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Forget those Republicans for now, Obama's real 2012 opponent is The Economy

June 9, 2011 |  3:28 am

Obama tells Chrysler workers in Toledo their industry is important 6-3-11

It's not really that hard to do so far.

Just forget for a minute the expanding array of already, certain and maybe Republican presidential candidates. And forget the idea of a serious Democratic challenger to President Obama next year.

The incumbent's most serious opponent for reelection in 2012 is right now and likely still will be not a person but The Economy.

It's not good, despite all of Joe Biden's glib fundraiser promises. From the very beginning of his presidency, which sure seems like more than 870 days ago, almost every poll has shown the top concerns of Americans were economic: jobs, the economy, the deficit.

Yes, yes, Obama said and still does, creating new jobs is Job One, after endlessly reminding of the troubled economy he inherited, an excuse that doesn't seem to work anymore. On June 2, press secretary Jay Carney repeated all the travails and then stated:

"There is no issue that matters more to this president than the economic health of this country and the job security of Americans and job creation in this country. So he's focused on this very directly."

Which is, no doubt, why a Daily Economic Briefing has been quietly erased from....

...the president's routine weekday schedule. And why next week he's off to a Miami DNC fundraiser and then a visit to, say what, Puerto Rico. As we may have mentioned here before, the presidential eyesight for political optics needs some serious laser surgery.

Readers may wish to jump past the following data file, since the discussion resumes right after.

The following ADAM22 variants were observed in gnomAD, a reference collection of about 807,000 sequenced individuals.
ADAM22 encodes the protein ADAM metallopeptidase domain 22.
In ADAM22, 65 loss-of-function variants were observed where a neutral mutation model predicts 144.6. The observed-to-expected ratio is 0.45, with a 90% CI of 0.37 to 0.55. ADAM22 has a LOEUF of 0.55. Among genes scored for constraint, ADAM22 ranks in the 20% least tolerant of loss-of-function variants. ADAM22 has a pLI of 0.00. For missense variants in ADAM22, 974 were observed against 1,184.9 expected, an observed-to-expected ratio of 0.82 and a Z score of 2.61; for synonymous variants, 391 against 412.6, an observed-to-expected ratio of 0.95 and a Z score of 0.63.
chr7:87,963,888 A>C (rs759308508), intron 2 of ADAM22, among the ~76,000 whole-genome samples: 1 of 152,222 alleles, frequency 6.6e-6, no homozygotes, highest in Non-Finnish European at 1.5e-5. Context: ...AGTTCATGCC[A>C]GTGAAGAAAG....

In the public mind there always seems to be something else getting in the way of a perceived laser-like chief executive's focus on the economy, other than regular recitation of the same big-hole-but-we're-on-the-right-track-now-though-obviously-we-want-more speech. First came Obama'sMemorial Day 2011 Arlington National Cemetery Lawton Family Prays at his grave $787-billion economic stimulus bill, from the desks of Harry Reid and Nancy Pelosi.

Twenty days into office, Obama's National Economics Council director, Lawrence Summers, was asked how long for the stimulus bill to take effect? His reply to CNN: "You'll see the effects begin almost immediately."

Fourteen months later, remember in the spring of 2010 Joey B promising 200,000 to 500,000 new jobs a month any day? Last month: 54,000.

If we didn't get that stimulus bill through the Democratic-ruled Congress, the Democratic administration warned, unemployment could possibly soar as high as 8.8%. Yikes! Quick, get that sucker passed.

Well, here's a problem: We got that bill through Congress in all its debt-bound, union job glory. The president was so pleased he signed it after flying all the way out to Denver for some reason.

But as the astute Jonah Goldberg notes, the national unemployment rate has now climbed above 9% anyway. So, we're three-quarters of a trillion dollars poorer with too few new jobs to show for it.